Summary of "The China Rules"

The China Rules

A practical guide for CEOs managing multinational corporations in the People’s Republic.

by Lynn S. Paine

  1. Understand the Market, but Work with the State
      • half the CEOs spend 20% to 50% of their time coping with policy issues and dealing with the authorities in China.
      • alignment between their strategies and the Chinese government’s goals by deciphering the state’s priorities and gaining insight into how the bureaucratic machinery works
      • demonstrate their project’s contribution to China’s development. (e.g. Diesel engine facilitate improving energy efficiency and environment issue)
      • ask for feedback on its performance and plans, and learn about impending policy directives (e.g. HSBC)
      • consider society’s needs, be good corporate citizens (e.g. install base station in rural China)
    1. Adapt to Local Conditions, but Implement Global Standards
      • local not understand the practical implications of their company’s conduct guidelin, foreigner not mesh with long-standing practices in China
      • adhere to other environmental guidelines
      • reintroduced processes long discarded in developed markets, such as logging all faxes to reinforce the diligent use of company assets.
      • Clear communications about nonnegotiable standards, should provide Educational materials and real-time instruction
      • contributing to the community was as important as paying them and serving customers, the company’s societal commitments as a hallmark of its culture.
    2. Pay for Performance, but Build a People-Centric Workplace
      • loss of talent is a major worry
      • creating a workplace that engages the whole person
      • reach people on a more personal level, 
      • sponsorship of worker-organized events, involvement in community and civic-responsibility program, hosting frequent lunches and town hall meetings, socializing with groups of employees after hours, and officiating at weddings on occasion, interest in workers’ families and personal lives
      • concern for employees’ welfare can be a key factor in driving performance improvement in China (e.g. focused on safety, it’s a big step toward performance.)
      • more guidance on how to reach their goals and are more likely to look to the boss for detailed instructions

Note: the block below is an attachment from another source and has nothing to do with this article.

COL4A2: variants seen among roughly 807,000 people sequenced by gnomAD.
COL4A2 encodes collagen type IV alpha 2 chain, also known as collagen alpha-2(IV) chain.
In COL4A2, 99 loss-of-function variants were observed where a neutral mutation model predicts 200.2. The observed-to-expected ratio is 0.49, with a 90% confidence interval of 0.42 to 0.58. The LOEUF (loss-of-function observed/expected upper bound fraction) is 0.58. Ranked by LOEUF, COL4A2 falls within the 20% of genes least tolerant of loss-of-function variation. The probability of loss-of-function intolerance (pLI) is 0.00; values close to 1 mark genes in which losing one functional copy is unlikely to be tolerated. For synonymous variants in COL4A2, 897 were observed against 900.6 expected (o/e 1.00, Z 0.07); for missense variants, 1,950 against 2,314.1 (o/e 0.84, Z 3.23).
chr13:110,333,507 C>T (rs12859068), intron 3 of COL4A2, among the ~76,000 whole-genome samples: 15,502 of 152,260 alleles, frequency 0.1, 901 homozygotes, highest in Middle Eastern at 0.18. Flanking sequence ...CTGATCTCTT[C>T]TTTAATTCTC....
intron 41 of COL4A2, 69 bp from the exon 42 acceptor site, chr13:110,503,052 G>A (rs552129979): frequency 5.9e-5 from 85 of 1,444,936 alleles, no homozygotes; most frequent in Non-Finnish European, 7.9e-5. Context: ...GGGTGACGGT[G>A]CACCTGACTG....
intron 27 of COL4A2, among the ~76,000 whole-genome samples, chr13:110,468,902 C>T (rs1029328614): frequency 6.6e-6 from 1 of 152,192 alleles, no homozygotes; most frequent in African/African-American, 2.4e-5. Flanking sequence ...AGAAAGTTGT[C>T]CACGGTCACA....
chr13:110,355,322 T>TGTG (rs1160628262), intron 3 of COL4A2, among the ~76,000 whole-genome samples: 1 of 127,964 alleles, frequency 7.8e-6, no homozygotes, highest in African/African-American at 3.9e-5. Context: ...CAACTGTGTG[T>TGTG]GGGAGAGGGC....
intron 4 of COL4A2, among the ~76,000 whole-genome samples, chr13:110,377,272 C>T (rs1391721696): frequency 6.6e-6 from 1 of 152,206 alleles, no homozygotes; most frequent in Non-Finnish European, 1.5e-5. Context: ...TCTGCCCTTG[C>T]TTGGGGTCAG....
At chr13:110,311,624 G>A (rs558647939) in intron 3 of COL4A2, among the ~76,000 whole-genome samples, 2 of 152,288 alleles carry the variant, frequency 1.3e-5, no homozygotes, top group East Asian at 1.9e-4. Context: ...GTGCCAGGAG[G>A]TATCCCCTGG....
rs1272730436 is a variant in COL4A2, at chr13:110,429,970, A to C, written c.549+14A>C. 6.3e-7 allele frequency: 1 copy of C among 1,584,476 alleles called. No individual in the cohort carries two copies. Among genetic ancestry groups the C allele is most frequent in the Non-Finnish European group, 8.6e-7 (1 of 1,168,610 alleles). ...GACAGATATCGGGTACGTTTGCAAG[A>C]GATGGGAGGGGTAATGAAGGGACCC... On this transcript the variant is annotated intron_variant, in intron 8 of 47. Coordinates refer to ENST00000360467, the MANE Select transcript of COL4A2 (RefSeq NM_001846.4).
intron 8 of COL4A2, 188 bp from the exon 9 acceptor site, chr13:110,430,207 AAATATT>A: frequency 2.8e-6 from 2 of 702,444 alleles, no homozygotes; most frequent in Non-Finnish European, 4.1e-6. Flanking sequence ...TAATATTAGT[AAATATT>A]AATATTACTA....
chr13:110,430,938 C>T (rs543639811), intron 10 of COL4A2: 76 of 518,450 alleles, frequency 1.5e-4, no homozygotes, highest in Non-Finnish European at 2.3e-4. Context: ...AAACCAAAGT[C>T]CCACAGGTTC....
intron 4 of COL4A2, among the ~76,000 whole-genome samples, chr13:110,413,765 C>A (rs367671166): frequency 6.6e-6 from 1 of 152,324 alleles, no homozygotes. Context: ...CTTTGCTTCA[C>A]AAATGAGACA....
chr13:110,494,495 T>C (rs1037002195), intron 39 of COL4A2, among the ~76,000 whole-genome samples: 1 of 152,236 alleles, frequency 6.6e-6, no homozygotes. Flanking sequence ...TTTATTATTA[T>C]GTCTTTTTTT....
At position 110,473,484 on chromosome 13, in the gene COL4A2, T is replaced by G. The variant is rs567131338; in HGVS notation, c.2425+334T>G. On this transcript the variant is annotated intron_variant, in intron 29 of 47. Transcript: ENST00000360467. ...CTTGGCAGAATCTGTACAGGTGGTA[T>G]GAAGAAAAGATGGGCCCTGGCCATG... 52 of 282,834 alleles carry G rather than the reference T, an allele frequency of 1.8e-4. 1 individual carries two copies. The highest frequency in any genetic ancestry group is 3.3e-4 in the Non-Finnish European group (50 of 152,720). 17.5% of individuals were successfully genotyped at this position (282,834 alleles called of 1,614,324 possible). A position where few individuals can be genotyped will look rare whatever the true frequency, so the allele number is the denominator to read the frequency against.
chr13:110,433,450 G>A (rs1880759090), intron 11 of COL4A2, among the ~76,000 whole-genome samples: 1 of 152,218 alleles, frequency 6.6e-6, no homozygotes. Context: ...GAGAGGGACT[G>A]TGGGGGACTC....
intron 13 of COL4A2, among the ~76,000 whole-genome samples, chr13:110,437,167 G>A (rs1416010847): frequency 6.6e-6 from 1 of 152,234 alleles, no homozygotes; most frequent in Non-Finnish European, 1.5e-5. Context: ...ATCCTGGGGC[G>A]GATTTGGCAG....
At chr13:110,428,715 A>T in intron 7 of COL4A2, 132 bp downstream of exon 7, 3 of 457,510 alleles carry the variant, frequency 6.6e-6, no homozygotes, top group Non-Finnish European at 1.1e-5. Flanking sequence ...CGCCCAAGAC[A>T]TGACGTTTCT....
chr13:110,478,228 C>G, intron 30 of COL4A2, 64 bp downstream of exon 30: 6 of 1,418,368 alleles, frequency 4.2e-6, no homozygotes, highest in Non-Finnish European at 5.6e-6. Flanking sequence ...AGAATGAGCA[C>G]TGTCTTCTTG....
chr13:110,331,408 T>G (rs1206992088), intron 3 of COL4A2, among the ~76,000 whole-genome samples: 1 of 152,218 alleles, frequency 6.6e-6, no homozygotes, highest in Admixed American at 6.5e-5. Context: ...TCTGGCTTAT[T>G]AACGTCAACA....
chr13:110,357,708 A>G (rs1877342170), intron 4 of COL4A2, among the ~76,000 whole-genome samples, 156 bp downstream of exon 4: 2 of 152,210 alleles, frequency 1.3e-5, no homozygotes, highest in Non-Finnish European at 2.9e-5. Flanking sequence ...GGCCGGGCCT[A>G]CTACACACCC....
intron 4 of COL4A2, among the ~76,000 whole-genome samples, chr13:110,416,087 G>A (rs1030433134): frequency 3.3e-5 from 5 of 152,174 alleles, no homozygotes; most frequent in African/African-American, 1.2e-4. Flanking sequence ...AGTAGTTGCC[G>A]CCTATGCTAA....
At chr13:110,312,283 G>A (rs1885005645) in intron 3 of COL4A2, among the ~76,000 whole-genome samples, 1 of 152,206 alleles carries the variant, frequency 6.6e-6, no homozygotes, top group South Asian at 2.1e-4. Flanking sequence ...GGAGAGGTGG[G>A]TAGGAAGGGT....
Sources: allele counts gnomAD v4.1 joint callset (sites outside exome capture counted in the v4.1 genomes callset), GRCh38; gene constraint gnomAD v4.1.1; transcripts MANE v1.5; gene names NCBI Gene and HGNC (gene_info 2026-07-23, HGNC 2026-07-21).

• closely oversee subordinates’ work, taking the opportunity to lead by example or intervene when teachable moments arise
    3. Drive Costs Down, but Maintain Quality
      • selling their home-country products reached the limit (e.g. Otis changed to four brands strategy)
      • Shifting from eliminating features to make a product that’s 20% cheaper to designing a new product that is a third of the cost raises vexing quality issues
      • developed-country biases often constrain innovation.
      • stopped equating quality with technological sophistication and focused instead on fitness for purpose (e.g. Honeywell's low cost turbo-charger
    4. Recognize Complexity, but Define Clear Priorities
      • Long-term plans for the country’s development vie with shorttermism that puts quick money before health and safety
      • Executives who are too responsive to the moment’s pressures, too willing to modify critical policies for temporary advantage, and too open to the vast array of opportunities in China run the risk of jeopardizing their ability to accomplish anything of significance
      • keep on track by defining clear priorities—strategic, ethical, operational, and personal—and sticking to them.
      • managers must find sources of energy and self-renewal to sustain their capacity to lead: time with friends and family, community involvement, learning about China’s history and culture, exploring its natural wonders
      • “shift the prism a little so you see things differently.”


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